The Adelaide Coin Club
In 1966 the Adelaide Coin Club was established to cater for those collectors interested in buying and selling coins and notes, and its main focus was holding coin auctions. The Numismatic Society catered for those collectors who were also interested in the study of currency and related subjects; a handful of collectors belonged to both organisations. In the early 2000s the Adelaide Coin Club closed down due to lack of public interest and declining membership.
History of the Numismatic Society of South Australia
The Society has published ‘Numis-News’, an early record of meetings, and also ‘The South Australian Numismatic Journal’, whose name was later changed to ‘Australian Numismatic Journal’. To promote interstate friendship the Society held joint numismatic conferences with the Numismatic Association of Victoria for a number of years. In 1985 the Society became a sponsoring society of the Numismatic Association of Australia (NAA), which holds biennial numismatic conferences involving speakers from Australia and overseas. In October 2015 the Numismatic Society of South Australia sponsored the NAA conference (NAAC2015) here in Adelaide.
The Society has issued a number of commemorative medals (struck by the Pobjoy Mint in England and locally by Allan J. Olson). An enamelled membership badge, still available from the Society, was manufactured in earlier days by S. Schlank of Adelaide.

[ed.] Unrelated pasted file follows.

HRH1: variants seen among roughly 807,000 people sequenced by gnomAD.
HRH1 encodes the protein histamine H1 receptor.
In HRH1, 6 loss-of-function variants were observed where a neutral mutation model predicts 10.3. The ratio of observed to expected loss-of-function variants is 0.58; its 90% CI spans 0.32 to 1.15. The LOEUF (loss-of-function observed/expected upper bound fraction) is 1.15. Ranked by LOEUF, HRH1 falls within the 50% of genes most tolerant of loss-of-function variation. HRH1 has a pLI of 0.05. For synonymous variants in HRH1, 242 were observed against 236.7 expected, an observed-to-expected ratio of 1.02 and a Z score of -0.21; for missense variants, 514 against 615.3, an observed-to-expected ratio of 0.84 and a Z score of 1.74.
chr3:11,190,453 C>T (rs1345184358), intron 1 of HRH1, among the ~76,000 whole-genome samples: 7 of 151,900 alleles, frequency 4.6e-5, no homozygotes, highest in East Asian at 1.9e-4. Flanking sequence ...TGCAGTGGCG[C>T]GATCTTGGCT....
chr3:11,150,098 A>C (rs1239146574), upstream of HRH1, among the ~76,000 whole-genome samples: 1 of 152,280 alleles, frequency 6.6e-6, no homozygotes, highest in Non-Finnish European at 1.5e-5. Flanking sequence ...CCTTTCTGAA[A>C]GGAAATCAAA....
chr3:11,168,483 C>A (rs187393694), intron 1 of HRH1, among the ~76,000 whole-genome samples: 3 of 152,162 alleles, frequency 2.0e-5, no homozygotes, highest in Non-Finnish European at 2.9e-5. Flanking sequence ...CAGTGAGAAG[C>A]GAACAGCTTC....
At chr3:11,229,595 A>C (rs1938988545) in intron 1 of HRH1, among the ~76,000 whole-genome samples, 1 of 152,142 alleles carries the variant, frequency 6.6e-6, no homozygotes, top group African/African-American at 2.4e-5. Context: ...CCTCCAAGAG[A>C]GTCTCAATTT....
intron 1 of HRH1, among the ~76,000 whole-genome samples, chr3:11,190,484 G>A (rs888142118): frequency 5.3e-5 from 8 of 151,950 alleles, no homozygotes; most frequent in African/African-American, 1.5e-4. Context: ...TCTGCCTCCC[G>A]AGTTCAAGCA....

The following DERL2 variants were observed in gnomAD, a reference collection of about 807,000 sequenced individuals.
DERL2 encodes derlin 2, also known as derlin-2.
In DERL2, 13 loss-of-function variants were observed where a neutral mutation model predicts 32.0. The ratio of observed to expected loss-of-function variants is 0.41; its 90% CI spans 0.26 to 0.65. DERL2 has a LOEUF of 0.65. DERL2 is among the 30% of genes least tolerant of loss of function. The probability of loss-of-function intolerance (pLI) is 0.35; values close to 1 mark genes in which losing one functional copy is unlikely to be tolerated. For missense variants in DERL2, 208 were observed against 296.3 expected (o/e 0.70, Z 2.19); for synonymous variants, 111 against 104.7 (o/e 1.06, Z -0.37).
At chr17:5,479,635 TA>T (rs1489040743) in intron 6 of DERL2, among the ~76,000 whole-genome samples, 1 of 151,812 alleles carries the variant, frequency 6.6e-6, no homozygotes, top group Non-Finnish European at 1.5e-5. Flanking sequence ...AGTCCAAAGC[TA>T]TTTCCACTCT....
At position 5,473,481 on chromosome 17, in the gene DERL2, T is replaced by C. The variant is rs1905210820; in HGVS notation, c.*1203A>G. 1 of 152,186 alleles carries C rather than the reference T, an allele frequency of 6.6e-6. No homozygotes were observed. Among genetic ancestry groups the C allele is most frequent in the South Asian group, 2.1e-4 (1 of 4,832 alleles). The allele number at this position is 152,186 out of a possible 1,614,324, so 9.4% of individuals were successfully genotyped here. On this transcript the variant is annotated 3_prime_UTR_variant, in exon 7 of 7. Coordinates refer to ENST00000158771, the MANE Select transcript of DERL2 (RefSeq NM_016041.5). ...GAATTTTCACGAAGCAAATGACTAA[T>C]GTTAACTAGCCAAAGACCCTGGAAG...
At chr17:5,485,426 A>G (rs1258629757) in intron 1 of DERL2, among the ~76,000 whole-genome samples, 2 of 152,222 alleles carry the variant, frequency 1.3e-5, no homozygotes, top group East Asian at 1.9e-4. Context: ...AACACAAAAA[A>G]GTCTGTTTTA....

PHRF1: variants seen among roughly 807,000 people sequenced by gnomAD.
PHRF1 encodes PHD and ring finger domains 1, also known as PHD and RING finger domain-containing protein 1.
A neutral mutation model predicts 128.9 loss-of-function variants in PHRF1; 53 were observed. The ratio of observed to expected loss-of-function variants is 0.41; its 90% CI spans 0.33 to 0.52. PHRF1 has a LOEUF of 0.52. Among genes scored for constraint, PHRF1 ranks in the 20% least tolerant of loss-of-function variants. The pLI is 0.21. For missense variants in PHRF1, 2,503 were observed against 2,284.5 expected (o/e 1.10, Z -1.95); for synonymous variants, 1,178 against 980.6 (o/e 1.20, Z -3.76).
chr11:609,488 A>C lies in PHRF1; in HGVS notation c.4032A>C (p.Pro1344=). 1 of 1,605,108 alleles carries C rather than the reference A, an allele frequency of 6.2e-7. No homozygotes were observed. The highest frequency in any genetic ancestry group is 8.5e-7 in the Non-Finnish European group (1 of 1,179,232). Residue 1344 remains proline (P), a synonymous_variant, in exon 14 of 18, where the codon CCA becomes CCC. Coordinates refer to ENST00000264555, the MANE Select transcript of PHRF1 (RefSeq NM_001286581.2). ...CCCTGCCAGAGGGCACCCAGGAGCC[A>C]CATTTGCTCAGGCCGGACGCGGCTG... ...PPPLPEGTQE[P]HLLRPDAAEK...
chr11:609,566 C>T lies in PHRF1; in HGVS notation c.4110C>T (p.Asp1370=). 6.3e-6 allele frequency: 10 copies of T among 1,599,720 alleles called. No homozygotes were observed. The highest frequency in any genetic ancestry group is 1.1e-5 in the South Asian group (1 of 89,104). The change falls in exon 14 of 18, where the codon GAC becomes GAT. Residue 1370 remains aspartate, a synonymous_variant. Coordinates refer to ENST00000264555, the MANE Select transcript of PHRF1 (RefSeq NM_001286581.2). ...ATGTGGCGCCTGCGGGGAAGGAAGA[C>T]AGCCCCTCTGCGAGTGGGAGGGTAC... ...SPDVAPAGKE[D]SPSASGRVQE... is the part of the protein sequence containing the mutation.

The Society has maintained strong links with the Art Gallery of South Australia through the Gallery’s coin, medal and banknote collection. Highlights of this significant collection have been made available for viewing on several occasions exclusively to members of the Society. The Gallery has published a book on the history of its ‘coin room’. This was written by member Peter Lane and is titled “The Coin Cabinet”.
Some notable names include James Hunt Deacon, ‘numismatologist’ of the Art Gallery and author of ‘The Ingots and Assay Office Pieces of South Australia’, John Gartner, founder of the ‘Australian Coin Review’, Syd Hagley, whose famous collection had a proof 1930 Australian penny and Ron Grieg, co-author of ‘Communion Tokens’, which deals mainly with Australian and New Zealand pieces.